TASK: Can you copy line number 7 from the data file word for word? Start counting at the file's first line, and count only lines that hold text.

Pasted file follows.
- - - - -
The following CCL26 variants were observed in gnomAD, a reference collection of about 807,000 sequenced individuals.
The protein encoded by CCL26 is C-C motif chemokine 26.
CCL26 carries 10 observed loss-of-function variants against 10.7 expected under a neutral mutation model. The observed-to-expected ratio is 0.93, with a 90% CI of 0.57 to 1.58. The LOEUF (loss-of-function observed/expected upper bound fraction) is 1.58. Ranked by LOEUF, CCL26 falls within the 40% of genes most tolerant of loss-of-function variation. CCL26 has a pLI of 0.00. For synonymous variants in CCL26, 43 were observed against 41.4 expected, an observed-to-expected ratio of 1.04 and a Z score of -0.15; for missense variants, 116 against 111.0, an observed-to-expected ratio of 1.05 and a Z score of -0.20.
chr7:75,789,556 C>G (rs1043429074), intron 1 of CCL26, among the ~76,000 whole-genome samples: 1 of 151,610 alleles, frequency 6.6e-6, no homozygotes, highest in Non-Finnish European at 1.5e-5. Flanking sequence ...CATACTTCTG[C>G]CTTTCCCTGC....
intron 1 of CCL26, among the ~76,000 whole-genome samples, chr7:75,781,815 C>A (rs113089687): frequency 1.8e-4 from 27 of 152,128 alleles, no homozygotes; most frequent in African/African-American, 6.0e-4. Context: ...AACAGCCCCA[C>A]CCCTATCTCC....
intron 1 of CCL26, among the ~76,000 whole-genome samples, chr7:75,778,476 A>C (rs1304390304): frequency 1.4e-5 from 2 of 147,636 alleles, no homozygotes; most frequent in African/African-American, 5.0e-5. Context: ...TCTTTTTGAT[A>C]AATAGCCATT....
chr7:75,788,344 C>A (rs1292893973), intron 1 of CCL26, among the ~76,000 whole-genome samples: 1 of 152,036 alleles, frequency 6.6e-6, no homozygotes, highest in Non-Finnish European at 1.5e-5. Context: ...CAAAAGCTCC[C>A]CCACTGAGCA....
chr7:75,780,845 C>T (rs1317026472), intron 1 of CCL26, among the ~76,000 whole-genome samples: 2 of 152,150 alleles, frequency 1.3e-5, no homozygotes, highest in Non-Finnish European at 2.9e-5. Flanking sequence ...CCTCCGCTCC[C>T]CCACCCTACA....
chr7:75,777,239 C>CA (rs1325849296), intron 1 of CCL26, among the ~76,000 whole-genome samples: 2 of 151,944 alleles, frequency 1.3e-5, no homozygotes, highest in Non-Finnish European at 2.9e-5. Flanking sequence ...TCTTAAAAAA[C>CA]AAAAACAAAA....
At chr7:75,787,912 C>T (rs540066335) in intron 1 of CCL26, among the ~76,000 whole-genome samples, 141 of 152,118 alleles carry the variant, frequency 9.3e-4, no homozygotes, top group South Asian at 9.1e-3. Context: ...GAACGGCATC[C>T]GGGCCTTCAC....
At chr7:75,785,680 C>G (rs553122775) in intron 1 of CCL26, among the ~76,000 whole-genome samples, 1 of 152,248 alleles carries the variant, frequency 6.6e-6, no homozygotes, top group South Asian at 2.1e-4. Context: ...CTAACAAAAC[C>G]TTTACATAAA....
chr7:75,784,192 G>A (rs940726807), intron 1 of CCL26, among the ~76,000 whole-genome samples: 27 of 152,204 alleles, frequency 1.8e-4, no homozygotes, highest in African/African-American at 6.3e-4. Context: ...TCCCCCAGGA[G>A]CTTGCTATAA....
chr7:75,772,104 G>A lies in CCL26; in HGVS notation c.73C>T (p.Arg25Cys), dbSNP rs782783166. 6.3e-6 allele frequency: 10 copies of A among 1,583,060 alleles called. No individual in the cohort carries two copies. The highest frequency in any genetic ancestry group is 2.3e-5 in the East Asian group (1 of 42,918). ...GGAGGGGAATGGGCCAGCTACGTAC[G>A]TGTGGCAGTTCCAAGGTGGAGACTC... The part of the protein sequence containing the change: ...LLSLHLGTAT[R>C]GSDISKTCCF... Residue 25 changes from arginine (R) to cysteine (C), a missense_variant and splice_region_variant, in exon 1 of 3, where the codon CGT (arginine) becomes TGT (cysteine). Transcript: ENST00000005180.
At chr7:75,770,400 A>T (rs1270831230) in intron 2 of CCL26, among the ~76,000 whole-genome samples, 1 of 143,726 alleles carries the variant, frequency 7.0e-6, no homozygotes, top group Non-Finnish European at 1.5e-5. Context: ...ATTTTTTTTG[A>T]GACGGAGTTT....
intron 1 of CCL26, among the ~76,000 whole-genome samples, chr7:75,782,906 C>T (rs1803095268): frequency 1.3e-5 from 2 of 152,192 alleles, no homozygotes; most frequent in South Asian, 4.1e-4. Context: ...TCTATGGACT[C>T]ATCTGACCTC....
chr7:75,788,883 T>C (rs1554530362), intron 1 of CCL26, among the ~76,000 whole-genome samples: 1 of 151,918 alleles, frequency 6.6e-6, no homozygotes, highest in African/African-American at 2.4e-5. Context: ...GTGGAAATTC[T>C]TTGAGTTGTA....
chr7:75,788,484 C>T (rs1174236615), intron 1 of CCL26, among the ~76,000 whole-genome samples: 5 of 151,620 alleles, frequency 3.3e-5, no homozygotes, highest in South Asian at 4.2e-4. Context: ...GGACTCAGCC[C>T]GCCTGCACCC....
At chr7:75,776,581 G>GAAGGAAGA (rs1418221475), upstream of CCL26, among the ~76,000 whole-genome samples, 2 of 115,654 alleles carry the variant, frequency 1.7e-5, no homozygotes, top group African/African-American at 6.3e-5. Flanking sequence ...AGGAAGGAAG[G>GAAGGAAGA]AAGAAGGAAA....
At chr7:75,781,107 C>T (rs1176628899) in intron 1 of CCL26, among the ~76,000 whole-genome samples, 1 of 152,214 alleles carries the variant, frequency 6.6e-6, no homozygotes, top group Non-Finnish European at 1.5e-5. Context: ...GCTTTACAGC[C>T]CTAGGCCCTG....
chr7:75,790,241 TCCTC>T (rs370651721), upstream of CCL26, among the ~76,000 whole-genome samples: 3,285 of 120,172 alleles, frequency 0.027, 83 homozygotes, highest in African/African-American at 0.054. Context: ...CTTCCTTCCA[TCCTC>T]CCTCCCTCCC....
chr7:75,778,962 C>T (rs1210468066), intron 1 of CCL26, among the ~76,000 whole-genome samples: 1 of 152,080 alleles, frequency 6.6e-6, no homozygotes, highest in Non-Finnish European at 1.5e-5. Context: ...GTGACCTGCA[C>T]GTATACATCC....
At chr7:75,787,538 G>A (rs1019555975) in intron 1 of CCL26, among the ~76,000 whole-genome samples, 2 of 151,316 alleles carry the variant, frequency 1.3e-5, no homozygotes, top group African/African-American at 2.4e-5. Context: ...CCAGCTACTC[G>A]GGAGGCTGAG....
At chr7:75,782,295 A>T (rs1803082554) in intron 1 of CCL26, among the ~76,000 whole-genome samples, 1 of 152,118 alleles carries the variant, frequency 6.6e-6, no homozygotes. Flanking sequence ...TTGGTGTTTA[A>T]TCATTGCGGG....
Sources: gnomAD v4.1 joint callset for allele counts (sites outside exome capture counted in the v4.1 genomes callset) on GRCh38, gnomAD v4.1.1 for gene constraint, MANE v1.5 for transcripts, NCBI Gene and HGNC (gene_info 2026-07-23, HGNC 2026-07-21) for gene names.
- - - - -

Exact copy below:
chr7:75,788,344 C>A (rs1292893973), intron 1 of CCL26, among the ~76,000 whole-genome samples: 1 of 152,036 alleles, frequency 6.6e-6, no homozygotes, highest in Non-Finnish European at 1.5e-5. Context: ...CAAAAGCTCC[C>A]CCACTGAGCA....